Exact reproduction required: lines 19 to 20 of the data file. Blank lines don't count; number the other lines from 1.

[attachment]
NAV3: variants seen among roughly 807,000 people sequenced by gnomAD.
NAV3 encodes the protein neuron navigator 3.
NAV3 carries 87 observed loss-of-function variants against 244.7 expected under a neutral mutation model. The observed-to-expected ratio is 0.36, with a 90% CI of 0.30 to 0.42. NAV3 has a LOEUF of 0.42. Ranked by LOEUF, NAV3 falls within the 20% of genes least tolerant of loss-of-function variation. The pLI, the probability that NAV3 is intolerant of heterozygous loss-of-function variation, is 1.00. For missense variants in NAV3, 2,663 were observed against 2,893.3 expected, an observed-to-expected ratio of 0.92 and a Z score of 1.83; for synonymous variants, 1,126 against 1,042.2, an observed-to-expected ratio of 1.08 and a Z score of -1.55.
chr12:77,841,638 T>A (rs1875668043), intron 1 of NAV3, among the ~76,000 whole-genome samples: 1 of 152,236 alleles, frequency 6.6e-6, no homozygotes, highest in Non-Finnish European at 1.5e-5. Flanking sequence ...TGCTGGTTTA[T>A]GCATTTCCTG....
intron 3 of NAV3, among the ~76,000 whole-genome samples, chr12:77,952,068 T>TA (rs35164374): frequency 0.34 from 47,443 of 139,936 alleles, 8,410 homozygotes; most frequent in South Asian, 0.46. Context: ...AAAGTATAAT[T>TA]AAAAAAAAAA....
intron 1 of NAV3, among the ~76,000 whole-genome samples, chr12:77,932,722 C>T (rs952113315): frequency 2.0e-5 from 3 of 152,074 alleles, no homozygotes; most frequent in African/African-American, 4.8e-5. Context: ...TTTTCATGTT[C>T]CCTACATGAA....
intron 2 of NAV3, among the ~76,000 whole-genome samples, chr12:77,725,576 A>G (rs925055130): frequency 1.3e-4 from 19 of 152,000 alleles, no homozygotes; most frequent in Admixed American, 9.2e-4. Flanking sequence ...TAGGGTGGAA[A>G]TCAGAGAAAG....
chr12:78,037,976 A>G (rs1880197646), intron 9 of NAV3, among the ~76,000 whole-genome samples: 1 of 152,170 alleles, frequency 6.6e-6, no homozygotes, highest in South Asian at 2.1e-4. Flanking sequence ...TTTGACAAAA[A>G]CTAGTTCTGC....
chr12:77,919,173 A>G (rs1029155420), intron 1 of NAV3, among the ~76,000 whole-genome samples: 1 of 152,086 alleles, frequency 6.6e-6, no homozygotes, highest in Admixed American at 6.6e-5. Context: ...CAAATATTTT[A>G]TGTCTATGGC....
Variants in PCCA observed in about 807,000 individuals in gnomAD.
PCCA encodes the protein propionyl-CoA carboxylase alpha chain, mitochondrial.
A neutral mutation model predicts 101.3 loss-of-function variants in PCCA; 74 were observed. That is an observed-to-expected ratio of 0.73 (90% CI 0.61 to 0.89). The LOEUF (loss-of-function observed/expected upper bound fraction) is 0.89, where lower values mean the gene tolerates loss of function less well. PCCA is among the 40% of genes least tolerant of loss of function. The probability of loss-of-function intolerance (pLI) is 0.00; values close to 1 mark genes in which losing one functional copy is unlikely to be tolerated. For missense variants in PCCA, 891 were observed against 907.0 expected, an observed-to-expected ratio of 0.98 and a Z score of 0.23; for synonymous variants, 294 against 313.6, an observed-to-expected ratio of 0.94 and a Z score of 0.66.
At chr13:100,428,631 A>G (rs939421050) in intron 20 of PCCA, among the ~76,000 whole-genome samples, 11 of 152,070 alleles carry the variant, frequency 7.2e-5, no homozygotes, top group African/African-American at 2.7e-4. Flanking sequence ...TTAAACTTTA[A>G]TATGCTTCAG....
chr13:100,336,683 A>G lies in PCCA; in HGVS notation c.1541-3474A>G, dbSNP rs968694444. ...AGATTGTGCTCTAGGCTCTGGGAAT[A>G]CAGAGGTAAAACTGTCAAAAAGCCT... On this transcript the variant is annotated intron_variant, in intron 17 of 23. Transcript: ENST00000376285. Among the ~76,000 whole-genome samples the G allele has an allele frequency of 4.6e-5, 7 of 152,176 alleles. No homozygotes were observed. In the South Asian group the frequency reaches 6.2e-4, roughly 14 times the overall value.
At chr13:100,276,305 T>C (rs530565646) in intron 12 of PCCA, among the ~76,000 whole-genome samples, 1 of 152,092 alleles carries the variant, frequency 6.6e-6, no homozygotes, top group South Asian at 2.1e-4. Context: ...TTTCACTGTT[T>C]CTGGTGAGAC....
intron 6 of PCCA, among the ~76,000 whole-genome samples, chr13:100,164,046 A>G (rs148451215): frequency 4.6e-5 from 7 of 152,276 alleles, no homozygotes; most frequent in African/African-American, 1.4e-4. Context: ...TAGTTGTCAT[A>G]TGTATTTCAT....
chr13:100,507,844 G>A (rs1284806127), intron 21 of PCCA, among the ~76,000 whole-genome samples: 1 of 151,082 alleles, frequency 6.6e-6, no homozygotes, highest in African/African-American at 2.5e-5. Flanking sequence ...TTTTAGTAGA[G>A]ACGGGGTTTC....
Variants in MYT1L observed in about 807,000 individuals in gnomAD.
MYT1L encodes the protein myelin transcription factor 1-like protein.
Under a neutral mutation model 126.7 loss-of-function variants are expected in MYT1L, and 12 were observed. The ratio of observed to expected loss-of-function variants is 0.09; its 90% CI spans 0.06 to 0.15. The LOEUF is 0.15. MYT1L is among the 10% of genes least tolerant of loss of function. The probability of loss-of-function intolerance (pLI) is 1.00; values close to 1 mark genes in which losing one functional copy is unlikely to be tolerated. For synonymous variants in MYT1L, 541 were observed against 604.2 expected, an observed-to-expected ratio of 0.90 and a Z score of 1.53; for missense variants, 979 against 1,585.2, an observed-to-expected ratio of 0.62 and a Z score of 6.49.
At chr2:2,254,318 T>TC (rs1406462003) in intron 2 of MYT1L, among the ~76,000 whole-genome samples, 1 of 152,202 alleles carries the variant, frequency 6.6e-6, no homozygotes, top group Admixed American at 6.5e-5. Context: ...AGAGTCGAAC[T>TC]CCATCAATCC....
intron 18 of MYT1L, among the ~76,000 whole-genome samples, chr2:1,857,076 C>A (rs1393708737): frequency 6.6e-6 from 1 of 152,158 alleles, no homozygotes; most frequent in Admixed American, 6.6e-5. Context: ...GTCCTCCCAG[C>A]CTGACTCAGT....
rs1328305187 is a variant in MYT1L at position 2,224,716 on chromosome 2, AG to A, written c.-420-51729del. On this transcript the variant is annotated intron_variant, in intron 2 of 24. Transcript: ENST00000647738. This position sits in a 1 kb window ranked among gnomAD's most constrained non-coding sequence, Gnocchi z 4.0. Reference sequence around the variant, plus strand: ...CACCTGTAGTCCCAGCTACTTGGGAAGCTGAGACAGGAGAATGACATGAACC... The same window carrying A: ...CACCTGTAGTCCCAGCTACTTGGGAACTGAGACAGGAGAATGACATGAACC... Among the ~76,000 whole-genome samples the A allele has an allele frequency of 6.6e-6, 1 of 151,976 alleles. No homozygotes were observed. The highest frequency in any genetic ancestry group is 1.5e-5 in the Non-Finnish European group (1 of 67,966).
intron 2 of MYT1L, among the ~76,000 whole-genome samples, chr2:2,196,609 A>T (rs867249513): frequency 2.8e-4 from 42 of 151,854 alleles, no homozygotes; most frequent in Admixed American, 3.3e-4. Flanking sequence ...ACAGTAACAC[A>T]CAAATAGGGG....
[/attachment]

MYT1L encodes the protein myelin transcription factor 1-like protein.
Under a neutral mutation model 126.7 loss-of-function variants are expected in MYT1L, and 12 were observed. The ratio of observed to expected loss-of-function variants is 0.09; its 90% CI spans 0.06 to 0.15. The LOEUF is 0.15. MYT1L is among the 10% of genes least tolerant of loss of function. The probability of loss-of-function intolerance (pLI) is 1.00; values close to 1 mark genes in which losing one functional copy is unlikely to be tolerated. For synonymous variants in MYT1L, 541 were observed against 604.2 expected, an observed-to-expected ratio of 0.90 and a Z score of 1.53; for missense variants, 979 against 1,585.2, an observed-to-expected ratio of 0.62 and a Z score of 6.49.